Lacking a marquee starting point guard on the roster, the opening was more-less Dunn’s to grab, and he’s done just that. Despite missing the first four games of the season with a dislocated finger, it didn’t take long for Dunn to wrestle the first unit point guard duties away from Jerian Grant. The Bulls knew what they were getting with Dunn’s stingy perimeter defense, but the offensive side of his game has also begun to come around. In 27 games this season, Dunn is averaging 13.2 points, 5.6 assists, 4.8 rebounds, and 2.0 steals per contest while shooting 45% from the field and 36% from three.
Clearly, the change of scenery was all that was needed for the talent Dunn displayed over three years at Providence to begin showing itself at the NBA level. Dunn is now in a great position to grow with the Bulls young core, generate more chemistry and rhythm as the team’s primary ball handler, and continue to polish his individual offensive game.
Lauri Markkanen’s Smooth Transition to the NBA
Markkanen was forced into a larger role than anticipated right out the gate when the Bulls other two power forwards took each other out in an altercation days before the start of the regular season. Bobby Portis and Nikola Mirotic came to blows after tensions boiled over at practice, resulting in a facial fracture for Mirotic and a team-imposed eight-game suspension for Portis. Markkanen took the opportunity and ran with it, proving that he didn’t need much of a transition period coming out of college.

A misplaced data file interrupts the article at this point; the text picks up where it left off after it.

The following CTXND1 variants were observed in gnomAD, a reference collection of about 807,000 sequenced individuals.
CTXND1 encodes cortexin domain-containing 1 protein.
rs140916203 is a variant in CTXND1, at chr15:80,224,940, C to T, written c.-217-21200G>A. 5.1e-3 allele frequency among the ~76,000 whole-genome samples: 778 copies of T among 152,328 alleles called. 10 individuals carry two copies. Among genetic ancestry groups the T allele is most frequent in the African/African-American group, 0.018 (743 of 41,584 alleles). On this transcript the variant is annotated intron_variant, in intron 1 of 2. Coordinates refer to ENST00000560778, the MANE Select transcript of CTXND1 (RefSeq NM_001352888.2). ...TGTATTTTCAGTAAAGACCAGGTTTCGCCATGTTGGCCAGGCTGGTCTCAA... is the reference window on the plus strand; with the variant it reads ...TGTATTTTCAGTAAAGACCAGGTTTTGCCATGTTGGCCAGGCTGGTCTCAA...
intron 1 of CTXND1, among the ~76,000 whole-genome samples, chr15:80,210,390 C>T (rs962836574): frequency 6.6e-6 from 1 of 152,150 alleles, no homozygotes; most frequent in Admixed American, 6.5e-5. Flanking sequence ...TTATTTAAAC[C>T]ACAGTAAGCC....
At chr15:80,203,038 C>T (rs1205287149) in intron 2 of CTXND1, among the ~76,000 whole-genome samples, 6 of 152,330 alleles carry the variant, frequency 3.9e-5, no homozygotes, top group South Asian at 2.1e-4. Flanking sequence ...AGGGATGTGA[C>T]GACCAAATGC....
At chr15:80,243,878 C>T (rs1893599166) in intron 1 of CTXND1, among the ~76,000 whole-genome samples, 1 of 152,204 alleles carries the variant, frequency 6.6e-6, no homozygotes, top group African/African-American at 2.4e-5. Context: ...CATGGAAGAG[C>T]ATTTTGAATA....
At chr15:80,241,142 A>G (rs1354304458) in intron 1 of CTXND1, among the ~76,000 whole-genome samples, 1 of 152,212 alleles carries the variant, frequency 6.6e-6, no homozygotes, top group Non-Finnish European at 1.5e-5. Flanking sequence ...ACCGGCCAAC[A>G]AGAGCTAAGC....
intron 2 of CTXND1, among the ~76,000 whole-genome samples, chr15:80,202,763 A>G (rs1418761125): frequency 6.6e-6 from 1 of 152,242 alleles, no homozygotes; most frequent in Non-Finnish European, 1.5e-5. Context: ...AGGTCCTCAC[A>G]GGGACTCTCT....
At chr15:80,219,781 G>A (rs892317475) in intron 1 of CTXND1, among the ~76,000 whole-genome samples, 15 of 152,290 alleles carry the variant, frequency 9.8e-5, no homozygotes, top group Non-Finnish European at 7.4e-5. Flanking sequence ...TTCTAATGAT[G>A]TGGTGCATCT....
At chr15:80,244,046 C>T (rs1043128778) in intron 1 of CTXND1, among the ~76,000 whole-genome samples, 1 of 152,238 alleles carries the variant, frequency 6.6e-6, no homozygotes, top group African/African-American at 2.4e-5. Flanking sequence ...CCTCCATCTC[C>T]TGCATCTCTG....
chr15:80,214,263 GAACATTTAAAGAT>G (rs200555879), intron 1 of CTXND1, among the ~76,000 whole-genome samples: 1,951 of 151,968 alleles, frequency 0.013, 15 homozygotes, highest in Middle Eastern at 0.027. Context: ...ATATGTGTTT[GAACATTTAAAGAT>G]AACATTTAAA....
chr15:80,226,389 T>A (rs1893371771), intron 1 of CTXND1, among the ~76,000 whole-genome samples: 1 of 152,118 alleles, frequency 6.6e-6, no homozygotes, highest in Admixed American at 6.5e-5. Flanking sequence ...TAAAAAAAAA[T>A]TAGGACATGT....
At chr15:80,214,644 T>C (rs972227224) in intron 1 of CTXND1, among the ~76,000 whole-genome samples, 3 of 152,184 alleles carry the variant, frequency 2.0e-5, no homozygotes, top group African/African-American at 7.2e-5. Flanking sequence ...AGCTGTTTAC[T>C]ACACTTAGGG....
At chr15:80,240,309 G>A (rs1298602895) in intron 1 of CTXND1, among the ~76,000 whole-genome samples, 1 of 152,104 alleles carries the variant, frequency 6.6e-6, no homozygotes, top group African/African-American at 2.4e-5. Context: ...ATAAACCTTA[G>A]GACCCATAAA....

Portis and Mirotic are now both back in the lineup, but Markkanen has maintained his role in the Bulls offence. Showing frequent signs of his sky-high potential, the 7’0” big man out of Finland has impressed with his ability to quickly adapt to the pro game, averaging 14.7 points and 7.7 rebounds on the campaign. If not for the above average rookie class including the likes of Ben Simmons and Donovan Mitchell tearing up the NBA this season, Markkanen surely would be right in the thick of the Rookie of the Year discussion.
Return Looming for Zach LaVine
LaVine is expecting to make his debut early in the new year, and given that he was generally considered to be the biggest piece heading to Chicago in the trade, his return should offer the Bulls a sizable boost. When he does, it will be a fantastic opportunity for LaVine to take on a bigger role, and become more of an offensive focal point as a scorer than he was in Minnesota. For now, LaVine is hoping to go through six full contact practices to get back in game shape and up to speed with the offence before making his return to the lineup.